"From a hospital perspective, we take this very seriously because this could be a disaster for a hospital if it wasn't dealt with correctly," said emergency physician Jim Keany.
The hospital has specific and rigorous prevention protocols in place at its emergency room when it comes to infections.
"When you walk through the door, you're greeted first by a rapid assessment nurse - and that's on a normal day. That nurse will determine that you may have a respiratory illness and hand you a mask," he said.
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That way, they reduce the chances of it spreading to anyone in the waiting room or hospital staff.
"Then, we bring people back to a room, we have negative air pressure rooms and what that means is, the air does not leave the room. It is actually sucked through a HEPA filter inside the room and does not escape," Keany said.
Right now, only certain patients are tested for novel coronavirus, formally known as COVID-19.
"If we have people who meet the criteria set by the county health department, we submit those samples to the health department and they get them tested," he said.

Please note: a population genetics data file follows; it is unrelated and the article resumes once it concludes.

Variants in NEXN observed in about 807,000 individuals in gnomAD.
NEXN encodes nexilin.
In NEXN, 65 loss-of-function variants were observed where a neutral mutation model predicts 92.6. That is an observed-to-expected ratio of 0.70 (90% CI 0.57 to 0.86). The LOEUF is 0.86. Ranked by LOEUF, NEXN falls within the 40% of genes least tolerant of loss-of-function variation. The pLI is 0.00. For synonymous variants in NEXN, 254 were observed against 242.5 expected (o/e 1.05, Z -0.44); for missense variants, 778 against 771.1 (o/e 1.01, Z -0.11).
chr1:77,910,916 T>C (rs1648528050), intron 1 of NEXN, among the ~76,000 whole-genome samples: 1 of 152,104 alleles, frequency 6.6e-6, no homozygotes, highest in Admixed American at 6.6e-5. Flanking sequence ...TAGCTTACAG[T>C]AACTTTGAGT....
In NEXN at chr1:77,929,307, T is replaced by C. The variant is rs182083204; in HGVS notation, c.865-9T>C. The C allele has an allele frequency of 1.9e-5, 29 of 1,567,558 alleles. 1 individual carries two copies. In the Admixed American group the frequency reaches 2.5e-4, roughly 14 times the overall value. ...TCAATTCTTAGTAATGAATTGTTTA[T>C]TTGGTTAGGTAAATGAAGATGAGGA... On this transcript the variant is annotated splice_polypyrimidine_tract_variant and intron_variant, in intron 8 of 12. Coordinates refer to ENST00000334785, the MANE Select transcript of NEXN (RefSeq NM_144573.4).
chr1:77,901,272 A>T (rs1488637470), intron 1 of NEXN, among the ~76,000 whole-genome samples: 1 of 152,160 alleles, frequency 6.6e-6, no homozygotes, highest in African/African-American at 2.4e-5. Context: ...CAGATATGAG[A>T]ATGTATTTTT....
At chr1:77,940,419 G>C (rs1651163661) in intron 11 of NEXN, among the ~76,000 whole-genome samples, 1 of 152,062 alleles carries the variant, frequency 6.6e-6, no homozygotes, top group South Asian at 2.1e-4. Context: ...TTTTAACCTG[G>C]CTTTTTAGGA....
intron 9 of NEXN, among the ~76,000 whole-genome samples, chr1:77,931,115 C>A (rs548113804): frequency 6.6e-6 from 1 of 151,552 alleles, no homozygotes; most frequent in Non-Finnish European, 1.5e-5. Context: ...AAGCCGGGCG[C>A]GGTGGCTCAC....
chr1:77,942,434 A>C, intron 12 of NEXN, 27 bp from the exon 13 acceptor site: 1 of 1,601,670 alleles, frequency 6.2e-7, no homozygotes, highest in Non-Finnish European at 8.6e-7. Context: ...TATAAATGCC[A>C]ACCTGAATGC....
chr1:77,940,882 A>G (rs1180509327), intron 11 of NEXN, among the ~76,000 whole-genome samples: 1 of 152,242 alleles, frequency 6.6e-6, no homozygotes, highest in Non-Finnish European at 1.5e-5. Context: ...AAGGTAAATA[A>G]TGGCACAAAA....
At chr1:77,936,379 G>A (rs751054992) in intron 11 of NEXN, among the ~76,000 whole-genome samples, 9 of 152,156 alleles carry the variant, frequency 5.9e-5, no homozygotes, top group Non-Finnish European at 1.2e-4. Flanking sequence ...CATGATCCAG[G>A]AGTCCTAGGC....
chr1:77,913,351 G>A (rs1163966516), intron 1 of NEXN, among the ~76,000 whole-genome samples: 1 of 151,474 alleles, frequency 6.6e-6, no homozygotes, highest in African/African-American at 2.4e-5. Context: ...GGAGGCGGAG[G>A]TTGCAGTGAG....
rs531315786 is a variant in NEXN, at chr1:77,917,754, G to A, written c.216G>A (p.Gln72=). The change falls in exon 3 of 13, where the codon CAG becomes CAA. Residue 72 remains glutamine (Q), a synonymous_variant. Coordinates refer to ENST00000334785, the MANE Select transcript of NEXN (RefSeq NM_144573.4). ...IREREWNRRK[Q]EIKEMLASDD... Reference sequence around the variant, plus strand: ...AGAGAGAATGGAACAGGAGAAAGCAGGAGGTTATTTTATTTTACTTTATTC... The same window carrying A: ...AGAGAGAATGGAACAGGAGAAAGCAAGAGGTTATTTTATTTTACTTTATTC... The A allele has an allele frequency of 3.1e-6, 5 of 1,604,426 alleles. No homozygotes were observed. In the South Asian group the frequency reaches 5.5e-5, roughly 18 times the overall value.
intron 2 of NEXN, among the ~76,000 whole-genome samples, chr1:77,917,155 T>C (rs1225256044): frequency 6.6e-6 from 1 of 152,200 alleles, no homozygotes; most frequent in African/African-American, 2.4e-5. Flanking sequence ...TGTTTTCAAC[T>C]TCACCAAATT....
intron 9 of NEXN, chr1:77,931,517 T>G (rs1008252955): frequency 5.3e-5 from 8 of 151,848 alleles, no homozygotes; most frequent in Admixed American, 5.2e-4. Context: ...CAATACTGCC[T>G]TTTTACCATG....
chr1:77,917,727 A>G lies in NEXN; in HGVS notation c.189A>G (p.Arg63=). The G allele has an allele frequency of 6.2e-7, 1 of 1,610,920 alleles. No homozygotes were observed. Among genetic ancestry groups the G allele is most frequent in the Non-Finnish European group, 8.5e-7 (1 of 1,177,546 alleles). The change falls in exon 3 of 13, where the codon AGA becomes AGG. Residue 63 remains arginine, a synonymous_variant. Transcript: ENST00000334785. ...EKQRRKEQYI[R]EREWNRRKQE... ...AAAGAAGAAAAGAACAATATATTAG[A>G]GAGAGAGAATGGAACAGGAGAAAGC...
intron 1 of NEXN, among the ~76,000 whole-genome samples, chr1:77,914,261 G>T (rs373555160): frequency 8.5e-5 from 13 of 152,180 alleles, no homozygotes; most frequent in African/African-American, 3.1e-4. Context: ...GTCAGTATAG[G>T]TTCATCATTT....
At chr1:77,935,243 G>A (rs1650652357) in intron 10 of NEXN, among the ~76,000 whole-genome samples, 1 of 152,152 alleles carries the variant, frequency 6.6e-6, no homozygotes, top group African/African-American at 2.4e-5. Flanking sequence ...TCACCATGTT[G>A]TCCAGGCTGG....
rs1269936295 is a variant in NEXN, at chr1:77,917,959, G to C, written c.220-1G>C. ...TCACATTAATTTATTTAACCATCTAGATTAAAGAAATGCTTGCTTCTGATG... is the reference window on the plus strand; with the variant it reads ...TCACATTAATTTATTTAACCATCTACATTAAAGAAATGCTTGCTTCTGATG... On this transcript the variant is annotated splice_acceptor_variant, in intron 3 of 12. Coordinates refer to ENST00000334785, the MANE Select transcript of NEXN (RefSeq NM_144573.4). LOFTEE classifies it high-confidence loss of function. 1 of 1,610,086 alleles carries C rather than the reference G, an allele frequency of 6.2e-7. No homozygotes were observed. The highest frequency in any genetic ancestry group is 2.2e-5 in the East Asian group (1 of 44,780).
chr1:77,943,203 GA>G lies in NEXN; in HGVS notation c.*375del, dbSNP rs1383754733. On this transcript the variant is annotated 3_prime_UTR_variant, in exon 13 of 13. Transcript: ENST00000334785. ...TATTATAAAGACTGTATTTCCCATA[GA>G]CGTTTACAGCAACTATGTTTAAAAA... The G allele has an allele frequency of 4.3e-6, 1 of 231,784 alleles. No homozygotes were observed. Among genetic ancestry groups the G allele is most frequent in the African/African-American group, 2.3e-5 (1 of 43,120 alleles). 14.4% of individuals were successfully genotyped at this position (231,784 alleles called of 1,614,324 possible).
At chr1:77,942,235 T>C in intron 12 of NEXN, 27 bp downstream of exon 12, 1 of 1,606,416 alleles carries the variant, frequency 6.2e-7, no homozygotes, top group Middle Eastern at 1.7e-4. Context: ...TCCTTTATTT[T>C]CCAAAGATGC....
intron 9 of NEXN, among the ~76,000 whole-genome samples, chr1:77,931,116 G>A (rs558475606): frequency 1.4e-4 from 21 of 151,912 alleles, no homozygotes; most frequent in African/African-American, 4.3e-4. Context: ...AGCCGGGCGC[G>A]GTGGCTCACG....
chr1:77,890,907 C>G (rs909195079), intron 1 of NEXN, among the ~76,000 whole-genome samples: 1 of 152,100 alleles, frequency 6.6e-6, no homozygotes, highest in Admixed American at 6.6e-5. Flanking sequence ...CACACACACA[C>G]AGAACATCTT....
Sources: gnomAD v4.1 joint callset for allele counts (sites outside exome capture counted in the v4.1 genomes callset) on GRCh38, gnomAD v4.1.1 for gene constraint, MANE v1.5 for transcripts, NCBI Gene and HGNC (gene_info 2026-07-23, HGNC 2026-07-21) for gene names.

The hospital recently had a suspected coronavirus case that turned out to be negative. Officials say it gave them an opportunity to put response plans in place, including a chance to look over necessary supplies.
Following Orange County's declaration of a local health emergency on Wednesday in response to the virus, county health officer Nichole Quick said it will increase its "local surveillance," meaning residents who go to hospitals with flu-like symptoms will also be tested for the virus.
Orange County officials declare local health emergency amid coronavirus concerns
Soon, Keany said, the hospital hopes to have test kits to speed up the process. In the meantime, the hospital and the health system it belongs to, Providence Health, are keeping a close on the situation to see how it develops.
"We have a cache of equipment that is specifically made for disaster response that can be used for this. We have a tent that we can set up so we have the ability to address surge capacity," he said.
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